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Game Over: How Nintendo Zapped an American Industry, Captured Your Dollars, and Enslaved Your Children is a non-fiction book written by David Sheff and published by Random House, New York in 1993.

Game Over: How Nintendo Zapped an American Industry, Captured Your Dollars, and Enslaved Your Children
Game Over (First Edition).jpg
Cover of the first edition
AuthorDavid Sheff
CountryUnited States
PublisherRandom House, Inc. (New York)
Publication date
Media typeHardcover, paperback
Pages445 (First edition, including index)
338.7/617948/0952 20
LC ClassHD9993.E454 N577 1993


The book details the modern history of Nintendo and its rise to become the most powerful electronic gaming company in the world as of 1993. The book also provides a history of the worldwide electronic gaming industry as a whole from the 1960s to the 1990s.[1][2][3]

Although bearing a very specific title, the book is fairly neutral; it mainly relates the history of the company while looking at both the positives and negatives of their business practices.[4] Sheff does suggest that many of Nintendo's successes are attributable to what reviewer James Fallows termed "the Japanese system’s tolerance for monopoly".[5] Sheff also defends the accuracy of the "enslaved your children" portion of the subtitle, stating that "kids will play the games compulsively and non-stop".[6]

The author extensively interviewed numerous established figures in the industry, such as Howard Lincoln, Nolan Bushnell, Shigeru Miyamoto (misspelled as "Sigeru" in the book if one regards Hepburn romanization as definitive), Alexey Pajitnov, and others, including people who spoke anonymously. This level of access to major figures in Nintendo's history, which US Gamer described as "unprecedented", made Game Over "the definitive work" which was referenced by nearly all other subsequent books and articles about Nintendo's history.[7]

Portions of the book were originally published in San Francisco Focus, Men's Life, Rolling Stone, and Playboy magazines.[citation needed]


Since its initial publication, Game Over has been reprinted with many different subtitles. One example is Game Over: Nintendo's Battle to Dominate Videogames.

Game Over: How Nintendo Conquered the World, an edition published by Vintage Press in 1994,[8] contains a new foreword written by author David Sheff pertaining to the controversy over video game content in the early 1990s.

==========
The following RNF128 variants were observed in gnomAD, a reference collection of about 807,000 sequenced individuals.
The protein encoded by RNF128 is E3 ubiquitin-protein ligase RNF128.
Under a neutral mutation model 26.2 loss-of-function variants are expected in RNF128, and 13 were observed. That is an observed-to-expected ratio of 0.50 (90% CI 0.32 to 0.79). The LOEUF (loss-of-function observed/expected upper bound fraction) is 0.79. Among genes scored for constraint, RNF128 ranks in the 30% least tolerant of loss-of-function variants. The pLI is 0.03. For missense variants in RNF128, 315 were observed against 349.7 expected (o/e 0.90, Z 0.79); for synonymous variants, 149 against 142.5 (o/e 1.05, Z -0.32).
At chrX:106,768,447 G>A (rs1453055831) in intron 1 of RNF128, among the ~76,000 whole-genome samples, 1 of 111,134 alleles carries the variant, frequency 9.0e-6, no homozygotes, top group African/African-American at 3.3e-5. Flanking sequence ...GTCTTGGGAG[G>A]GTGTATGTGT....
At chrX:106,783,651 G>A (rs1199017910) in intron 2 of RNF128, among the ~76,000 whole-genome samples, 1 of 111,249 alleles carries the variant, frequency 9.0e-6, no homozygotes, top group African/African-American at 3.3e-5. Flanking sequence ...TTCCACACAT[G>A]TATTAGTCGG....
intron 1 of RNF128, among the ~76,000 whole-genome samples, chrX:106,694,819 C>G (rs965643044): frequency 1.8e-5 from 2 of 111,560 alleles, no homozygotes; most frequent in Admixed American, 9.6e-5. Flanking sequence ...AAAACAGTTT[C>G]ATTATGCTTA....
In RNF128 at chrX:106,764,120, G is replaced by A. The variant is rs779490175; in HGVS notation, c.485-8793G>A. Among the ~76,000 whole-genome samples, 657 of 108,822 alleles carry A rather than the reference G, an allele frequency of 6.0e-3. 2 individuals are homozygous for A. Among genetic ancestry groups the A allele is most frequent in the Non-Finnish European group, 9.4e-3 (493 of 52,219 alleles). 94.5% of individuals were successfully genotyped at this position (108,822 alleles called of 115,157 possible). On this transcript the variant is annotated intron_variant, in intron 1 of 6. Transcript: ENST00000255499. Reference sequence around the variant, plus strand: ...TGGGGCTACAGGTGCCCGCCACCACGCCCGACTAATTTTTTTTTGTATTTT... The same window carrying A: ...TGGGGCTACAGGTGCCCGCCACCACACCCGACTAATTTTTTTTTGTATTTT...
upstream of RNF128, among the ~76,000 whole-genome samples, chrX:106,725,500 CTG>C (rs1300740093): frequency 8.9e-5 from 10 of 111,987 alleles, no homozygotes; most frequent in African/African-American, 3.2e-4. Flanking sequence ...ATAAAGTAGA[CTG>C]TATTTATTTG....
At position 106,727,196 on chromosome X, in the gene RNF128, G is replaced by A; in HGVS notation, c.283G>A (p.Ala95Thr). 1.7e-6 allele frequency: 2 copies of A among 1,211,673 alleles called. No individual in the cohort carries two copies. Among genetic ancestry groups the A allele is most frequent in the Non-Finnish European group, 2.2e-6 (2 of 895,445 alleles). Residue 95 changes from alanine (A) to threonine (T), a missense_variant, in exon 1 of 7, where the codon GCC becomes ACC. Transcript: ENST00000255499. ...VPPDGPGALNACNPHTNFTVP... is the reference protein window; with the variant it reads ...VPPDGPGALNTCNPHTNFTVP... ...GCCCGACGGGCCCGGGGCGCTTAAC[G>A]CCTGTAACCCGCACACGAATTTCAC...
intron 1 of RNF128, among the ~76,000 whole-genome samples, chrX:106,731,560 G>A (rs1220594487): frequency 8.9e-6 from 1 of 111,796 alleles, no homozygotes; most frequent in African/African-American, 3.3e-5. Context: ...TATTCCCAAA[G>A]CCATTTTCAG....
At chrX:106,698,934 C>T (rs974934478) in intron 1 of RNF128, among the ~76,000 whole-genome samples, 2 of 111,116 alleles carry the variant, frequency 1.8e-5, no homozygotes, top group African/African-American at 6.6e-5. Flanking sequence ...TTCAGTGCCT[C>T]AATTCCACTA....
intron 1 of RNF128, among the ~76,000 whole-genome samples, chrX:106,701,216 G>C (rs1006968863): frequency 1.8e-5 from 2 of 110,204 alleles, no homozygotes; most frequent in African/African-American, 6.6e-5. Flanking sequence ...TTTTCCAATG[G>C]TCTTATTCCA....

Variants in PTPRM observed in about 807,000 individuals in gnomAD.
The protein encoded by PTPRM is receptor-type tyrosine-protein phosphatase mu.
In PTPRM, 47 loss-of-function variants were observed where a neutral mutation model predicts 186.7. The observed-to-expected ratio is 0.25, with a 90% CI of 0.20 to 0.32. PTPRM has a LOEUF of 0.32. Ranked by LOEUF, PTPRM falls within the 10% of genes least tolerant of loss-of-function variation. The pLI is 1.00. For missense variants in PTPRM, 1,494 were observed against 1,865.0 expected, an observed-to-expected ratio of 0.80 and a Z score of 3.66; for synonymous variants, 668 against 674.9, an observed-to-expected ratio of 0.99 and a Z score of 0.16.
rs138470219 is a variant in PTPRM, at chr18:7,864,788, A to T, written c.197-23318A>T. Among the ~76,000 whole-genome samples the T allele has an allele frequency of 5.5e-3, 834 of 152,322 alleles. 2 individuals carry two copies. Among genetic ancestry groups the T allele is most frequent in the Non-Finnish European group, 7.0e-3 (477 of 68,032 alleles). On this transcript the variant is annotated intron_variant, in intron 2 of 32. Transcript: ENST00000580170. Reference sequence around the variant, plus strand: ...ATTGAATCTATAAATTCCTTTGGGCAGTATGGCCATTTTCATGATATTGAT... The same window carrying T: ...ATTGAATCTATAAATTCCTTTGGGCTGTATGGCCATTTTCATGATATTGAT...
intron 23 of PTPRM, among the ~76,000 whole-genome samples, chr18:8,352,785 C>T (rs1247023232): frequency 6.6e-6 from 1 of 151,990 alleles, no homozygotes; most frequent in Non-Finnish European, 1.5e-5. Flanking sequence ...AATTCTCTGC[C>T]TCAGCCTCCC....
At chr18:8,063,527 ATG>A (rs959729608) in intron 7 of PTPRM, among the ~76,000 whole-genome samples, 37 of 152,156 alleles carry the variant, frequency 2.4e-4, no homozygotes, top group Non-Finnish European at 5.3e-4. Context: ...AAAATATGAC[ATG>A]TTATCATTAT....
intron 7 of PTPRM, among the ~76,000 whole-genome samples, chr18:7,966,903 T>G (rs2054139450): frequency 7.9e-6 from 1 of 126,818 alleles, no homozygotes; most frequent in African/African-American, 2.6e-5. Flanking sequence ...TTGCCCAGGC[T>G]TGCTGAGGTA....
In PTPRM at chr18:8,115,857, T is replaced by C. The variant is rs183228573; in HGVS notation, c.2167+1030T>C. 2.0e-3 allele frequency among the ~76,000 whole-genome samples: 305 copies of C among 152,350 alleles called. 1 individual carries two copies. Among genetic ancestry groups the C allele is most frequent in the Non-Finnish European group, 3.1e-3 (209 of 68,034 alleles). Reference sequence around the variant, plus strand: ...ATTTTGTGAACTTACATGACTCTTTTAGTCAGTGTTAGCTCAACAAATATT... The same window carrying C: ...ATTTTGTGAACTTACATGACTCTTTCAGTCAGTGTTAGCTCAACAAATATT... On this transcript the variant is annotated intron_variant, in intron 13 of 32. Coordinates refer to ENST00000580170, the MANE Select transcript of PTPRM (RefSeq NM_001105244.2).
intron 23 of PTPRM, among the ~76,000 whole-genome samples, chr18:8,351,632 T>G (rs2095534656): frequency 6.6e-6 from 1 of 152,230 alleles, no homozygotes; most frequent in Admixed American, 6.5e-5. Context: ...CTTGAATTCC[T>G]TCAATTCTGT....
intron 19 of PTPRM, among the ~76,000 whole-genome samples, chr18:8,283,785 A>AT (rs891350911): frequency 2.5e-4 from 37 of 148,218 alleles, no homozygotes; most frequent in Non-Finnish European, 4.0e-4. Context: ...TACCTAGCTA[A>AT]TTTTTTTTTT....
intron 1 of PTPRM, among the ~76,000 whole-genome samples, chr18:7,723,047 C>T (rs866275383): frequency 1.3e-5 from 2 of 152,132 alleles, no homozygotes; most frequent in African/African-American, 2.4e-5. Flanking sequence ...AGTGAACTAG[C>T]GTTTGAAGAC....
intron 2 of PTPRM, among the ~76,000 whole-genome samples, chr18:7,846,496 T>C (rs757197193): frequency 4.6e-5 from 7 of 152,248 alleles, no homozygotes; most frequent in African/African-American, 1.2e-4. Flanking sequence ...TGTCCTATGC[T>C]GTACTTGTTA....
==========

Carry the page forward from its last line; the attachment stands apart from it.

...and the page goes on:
In 1999, a revised edition of the book titled Game Over: Press Start to Continue – The Maturing of Mario (referencing Nintendo's famous character Mario) was released. Among error corrections, photographs and new chapters written by Andy Eddy were added.[9]

An edited version was printed by Coronet Books and given away free with the May 1999 issue of Arcade magazine.


Next Generation gave the book a positive review, praising the breadth, quality of research, and easy readability. They remarked that the one flaw is that the frequent detours from the Nintendo story give the reader the feeling that the book is an overview of gaming history in general with an unbalanced focus on Nintendo. They concluded, "Next Generation uses Game Over as a reference guide on a day-to-day basis, and we really can't give any higher recommendation than that."[10]


  1. ^ Coates, James (May 18, 1993). "How Super Mario conquered America". Baltimore Sun. Retrieved November 21, 2015.
  2. ^ Juster, Scott (February 23, 2012). "'Game Over': A Look at Nintendo's Past and Future". PopMatters. Retrieved November 21, 2015.
  3. ^ Sheff, David; Eddy, Andy (1999). Game Over: How Nintendo Zapped an American Industry, Captured Your Dollars, and Enslaved Your Children. online . GamePress. ISBN 978-0-9669617-0-6. OCLC 26214063.
  4. ^ Levy, Steven (July 18, 1993). "Hey, It's More Than a Game". The New York Times Book Review. Retrieved November 21, 2015.
  5. ^ Fallows, James (March 24, 1994). "The Computer Wars". The New York Review of Books. Retrieved November 21, 2015.
  6. ^ Corr, O. Casey (July 18, 1993). "Nintendo: From Collapse to Empire". The Seattle Times. Retrieved November 21, 2015.
  7. ^ Parish, Jeremy. "Essential Reading: 'I Am Error' Brings New Insight to the History of the NES". US Gamer. Retrieved November 21, 2015.
  8. ^ Petersen, Clarence (July 17, 1994). "Game Over: How Nintendo Conquered the World, by David Sheff". Chicago Tribune. Retrieved November 21, 2015.
  9. ^ "Talking Game Over: IGN64 freelancer Dexter Sy chats with industry Veteran Andy Eddy about his updates to Game Over". IGN. September 9, 1999. Retrieved November 21, 2015.
  10. ^ "Essential Reading". Next Generation. Imagine Media (4): 26. April 1995.